The news headline reads, “Wheat Freeze Rally,” and with great anticipation, we check the markets only to find that wheat prices were up 7 cents for the day. The KC March contract price was $4.35, and Oklahoma/Texas cash prices were $3.40, plus or minus 20 cents.
Seven cents was a measly 2 percent increase.
What the headline indicates is that the wheat market is essentially dead, and any price movement (especially higher) might indicate some sign of life — or at least a little hope. A real “rally” would be at least a 10 percent price increase (44 cents) for the KC March contract.
The current weather situation (relatively cold and dry) has the potential, in the long run, to cause wheat prices to increase. It has been reported (whether true or not) that for protein, test weight, and other milling quality factors, winter wheat needs to be stressed. Remember, weather conditions March through May could be significantly more important that current conditions.
LITTLE CHANGE EXPECTED
USDA/NASS will release winter wheat seedings (planted acres), wheat stocks, and the January WASDE (World Agriculture Supply and Demand Estimates) reports Friday, Jan, 12. Little change is expected in the U.S. and world wheat supply/demand situation.
The seedings estimates have the highest potential to impact prices. Some market analysts estimate U.S. hard red winter (HRW) wheat planted acres to be about 22.6 million, compared to last year’s 23.8 million, a 10-year average of 28.9 million acres, and 38 million acres planted in 1990.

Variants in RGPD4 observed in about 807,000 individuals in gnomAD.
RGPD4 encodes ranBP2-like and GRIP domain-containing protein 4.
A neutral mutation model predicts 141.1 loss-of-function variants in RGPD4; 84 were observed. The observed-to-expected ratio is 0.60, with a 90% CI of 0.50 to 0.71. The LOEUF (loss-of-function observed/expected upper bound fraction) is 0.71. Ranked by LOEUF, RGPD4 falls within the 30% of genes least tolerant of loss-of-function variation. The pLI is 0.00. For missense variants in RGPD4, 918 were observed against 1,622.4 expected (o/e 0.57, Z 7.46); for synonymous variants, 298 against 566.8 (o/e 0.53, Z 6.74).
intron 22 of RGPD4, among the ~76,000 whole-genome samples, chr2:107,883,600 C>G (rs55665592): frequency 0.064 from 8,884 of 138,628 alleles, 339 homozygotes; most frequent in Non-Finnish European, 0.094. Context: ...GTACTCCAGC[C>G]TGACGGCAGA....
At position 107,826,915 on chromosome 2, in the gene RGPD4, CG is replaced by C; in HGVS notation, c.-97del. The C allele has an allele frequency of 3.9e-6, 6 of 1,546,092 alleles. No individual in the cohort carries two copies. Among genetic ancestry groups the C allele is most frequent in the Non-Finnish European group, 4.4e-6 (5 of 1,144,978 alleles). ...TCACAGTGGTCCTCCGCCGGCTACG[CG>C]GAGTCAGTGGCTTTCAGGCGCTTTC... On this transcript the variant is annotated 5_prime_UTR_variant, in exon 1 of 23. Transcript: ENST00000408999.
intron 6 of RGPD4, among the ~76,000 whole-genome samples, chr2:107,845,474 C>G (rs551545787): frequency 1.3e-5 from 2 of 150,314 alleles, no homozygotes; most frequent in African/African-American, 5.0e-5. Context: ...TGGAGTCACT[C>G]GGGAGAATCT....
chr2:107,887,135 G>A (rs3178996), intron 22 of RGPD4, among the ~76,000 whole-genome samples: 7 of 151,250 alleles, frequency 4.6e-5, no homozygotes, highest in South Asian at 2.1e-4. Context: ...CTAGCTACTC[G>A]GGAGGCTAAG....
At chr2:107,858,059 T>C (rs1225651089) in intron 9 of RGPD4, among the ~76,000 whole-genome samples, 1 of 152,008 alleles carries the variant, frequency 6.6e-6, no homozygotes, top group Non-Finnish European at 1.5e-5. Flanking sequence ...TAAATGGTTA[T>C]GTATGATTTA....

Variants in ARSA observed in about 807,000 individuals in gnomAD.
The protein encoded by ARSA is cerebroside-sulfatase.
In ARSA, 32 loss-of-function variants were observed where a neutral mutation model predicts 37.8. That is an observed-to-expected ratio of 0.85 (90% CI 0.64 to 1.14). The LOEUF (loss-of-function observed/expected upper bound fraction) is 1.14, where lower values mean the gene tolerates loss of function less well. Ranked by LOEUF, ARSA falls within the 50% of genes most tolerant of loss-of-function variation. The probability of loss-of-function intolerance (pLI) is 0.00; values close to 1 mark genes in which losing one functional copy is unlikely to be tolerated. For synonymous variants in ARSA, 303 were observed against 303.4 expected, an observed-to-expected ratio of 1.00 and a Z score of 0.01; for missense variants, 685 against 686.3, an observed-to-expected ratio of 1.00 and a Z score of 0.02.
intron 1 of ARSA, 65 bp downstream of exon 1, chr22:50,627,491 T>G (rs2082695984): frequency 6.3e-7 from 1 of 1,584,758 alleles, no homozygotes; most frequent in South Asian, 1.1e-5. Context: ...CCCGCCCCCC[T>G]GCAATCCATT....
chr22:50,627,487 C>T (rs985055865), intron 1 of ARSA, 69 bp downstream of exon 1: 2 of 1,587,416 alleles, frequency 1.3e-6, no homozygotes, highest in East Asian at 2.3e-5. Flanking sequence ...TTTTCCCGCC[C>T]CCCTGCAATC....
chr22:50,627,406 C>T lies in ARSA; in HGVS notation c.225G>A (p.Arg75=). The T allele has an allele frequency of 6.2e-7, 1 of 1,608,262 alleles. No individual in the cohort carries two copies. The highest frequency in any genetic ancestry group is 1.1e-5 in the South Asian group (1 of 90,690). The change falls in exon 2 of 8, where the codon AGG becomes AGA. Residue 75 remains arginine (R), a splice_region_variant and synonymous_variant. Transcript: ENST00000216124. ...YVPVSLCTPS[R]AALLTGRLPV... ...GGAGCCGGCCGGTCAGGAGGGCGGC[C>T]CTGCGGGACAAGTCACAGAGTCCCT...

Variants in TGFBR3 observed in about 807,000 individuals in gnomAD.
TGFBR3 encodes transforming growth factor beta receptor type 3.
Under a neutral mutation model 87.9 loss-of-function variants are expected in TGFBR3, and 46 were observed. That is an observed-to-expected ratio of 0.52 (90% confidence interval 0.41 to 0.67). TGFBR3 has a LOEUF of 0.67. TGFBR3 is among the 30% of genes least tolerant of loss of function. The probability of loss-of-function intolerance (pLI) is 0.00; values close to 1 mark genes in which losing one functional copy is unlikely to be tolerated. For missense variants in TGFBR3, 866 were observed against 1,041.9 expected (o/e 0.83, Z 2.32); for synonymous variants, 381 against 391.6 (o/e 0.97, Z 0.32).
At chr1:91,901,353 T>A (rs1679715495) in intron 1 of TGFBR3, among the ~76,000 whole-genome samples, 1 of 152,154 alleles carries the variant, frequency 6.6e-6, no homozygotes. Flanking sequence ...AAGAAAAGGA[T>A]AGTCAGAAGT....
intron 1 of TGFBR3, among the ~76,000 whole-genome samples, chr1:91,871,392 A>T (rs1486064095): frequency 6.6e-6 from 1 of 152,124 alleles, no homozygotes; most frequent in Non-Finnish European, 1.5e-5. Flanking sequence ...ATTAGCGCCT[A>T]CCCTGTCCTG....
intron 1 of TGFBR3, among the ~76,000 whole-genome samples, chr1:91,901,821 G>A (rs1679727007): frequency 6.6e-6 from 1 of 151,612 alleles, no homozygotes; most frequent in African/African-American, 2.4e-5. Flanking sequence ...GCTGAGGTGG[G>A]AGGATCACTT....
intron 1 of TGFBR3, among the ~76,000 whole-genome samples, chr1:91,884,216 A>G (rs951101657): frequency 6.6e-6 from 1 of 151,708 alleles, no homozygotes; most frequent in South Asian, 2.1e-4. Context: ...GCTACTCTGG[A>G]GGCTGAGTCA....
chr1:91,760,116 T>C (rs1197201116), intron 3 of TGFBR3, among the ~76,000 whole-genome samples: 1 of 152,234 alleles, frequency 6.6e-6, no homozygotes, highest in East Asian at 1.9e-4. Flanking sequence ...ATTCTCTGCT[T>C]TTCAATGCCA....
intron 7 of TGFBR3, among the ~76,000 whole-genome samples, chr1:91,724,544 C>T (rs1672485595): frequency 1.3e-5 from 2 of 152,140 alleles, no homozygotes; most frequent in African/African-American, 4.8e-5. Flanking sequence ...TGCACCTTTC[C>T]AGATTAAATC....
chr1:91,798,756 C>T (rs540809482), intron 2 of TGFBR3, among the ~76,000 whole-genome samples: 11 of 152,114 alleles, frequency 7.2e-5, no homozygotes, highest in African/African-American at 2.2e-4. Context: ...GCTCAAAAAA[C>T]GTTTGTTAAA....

The expected reduction in world planted acres may not be significant. Record and near-record yields have been the major reason for new record wheat production each of the last five years. Logic would indicate that world wheat yields, at some point, will revert back to the “trend yield.”
Russia completed construction of an additional export port storage and handling facility of 4 million bushels at Novorossiysk. Total deep-water port storage, handling, and shipping capacity there is now about 11 million bushels.
During the January through September 2017 period, capital investment in Ukraine’s agriculture sector was $1.44 billion (US), down from about $900 million during the 2016 period.
MORE RUSSIAN EXPORTS
Since July 1, Russia exported 760 million bushels of wheat (mostly hard red), which is 34 percent higher than in 2016. The USDA projects Russia’s 2017/18 wheat marketing year exports at 1.23 billion bushels. Russia is projected to be the No.1 wheat exporting country for the second year in a row.
All U.S. wheat exports are projected to be 980 million bushels, with HRW exports at 405 million bushels, compared to HRW exports of 455 million bushels in 2016/17. As of December 21, all U.S. wheat export shipments were 494 million bushels, and HRW wheat export shipments were 202 million bushels.
The Kansas City HRW wheat basis for 12 percent protein wheat is near $2, which is down from about $2.15 in early December. The basis for ordinary (11 percent) protein wheat is 42 cents. The Oklahoma and Texas Panhandle new crop (2018) wheat bids are about minus 80 cents (plus or minus 10 cents) off the KC July ‘18 wheat contract price. The new crop basis is about the same as the current cash price basis.
A 29-cent spread (March under July) exists between the KC March and KC July wheat contract prices. At this writing, the KC July contract price is $4.67. Subtracting the 80-cent basis implies a June 2018 wheat price of $3.87.
A real price rally may be the result of wheat protein and test weight rather than lower than expected yields.